Seven months after the culmination of the Belgrade Court of Appeal trial for the murder of journalist Slavko Ćuruvija, a final verdict has yet to be formally delivered. However, in the meantime there have been unofficial statements suggesting that a verdict has allegedly been handed down and has acquitted the four accused former members of the State Security service.
“The anticipation and playing with the emotions of people, including family members and colleagues of the late Ćuruvija, is horrific. Rumours have been circulating for months that a verdict has been passed; that someone is keeping it in a drawer for some reason, while elsewhere people who loved Slavko Ćuruvija await the serving of justice,” said Maja Sever, president of the European Federation of Journalists (EFJ), speaking for portal Cenzolovka.
The EFJ was among the nine organisations that announced on 11th April – the date marking the anniversary of Ćuruvija’s murder – that the upcoming binding final verdict of the Court of Appeal would be “the most consequential for media freedom and journalism in Serbia’s modern history, and will act as a litmus test for the rule of law and democracy more widely”.
Also speaking for Cenzolovka, Jamie Wiseman of the International Press Institute (IPI) said that an acquittal would deal a fatal blow to media freedom and the fight against impunity for murdering journalists in Serbia.
According to Massimo Moratti, of the think-tank Osservatorio Balcani e Caucaso Transeuropa, “an acquittal would be a disappointment”, while it would also indicate that “the system that was created during the 1990s is stronger than today’s system”.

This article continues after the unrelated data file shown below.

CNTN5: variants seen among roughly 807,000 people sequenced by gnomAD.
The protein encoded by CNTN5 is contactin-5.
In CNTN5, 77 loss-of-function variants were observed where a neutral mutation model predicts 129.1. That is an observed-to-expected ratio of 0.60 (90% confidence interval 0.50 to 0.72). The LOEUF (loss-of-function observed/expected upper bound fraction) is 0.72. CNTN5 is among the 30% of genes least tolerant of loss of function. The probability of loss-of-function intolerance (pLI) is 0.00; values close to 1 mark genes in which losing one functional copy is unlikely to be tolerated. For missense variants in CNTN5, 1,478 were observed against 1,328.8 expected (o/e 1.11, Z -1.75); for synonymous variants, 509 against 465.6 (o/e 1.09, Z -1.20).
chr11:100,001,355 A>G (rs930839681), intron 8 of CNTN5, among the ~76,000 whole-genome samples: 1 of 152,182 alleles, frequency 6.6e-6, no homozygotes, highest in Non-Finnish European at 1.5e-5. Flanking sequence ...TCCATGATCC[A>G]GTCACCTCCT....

“With each day that passes, it becomes increasingly difficult to understand why justice has not been achieved for the murder of a journalist. Apart from being a symbol of impunity for crimes committed against journalists in Serbia, it is also becoming the definition of the phrase “Justice delayed is justice denied”,” says Pavol Szalai, head of the European Union and Balkans desk at international organisation Reporters Without Borders.
According to Dragan Sekulovski, director of the regional network Safe Journalists, failure to hold the perpetrators accountable could have a horrific impact on journalists and media outlets, leading to them self-censor out of fear for their own safety.
“No cold-blooded murder of a journalist can take place without planning, coordination, money and weapons sourced from someone, and subsequently also a cover-up. If we still, after many years, lack just verdicts for all those responsible for the murder, from top to bottom, that’s not due to a lack of evidence, but rather due to the state being captured,” said journalist Matthew Caruana Galizia, son of murdered Maltese journalist Daphne Caruana Galizia and director of the foundation named after his late mother.
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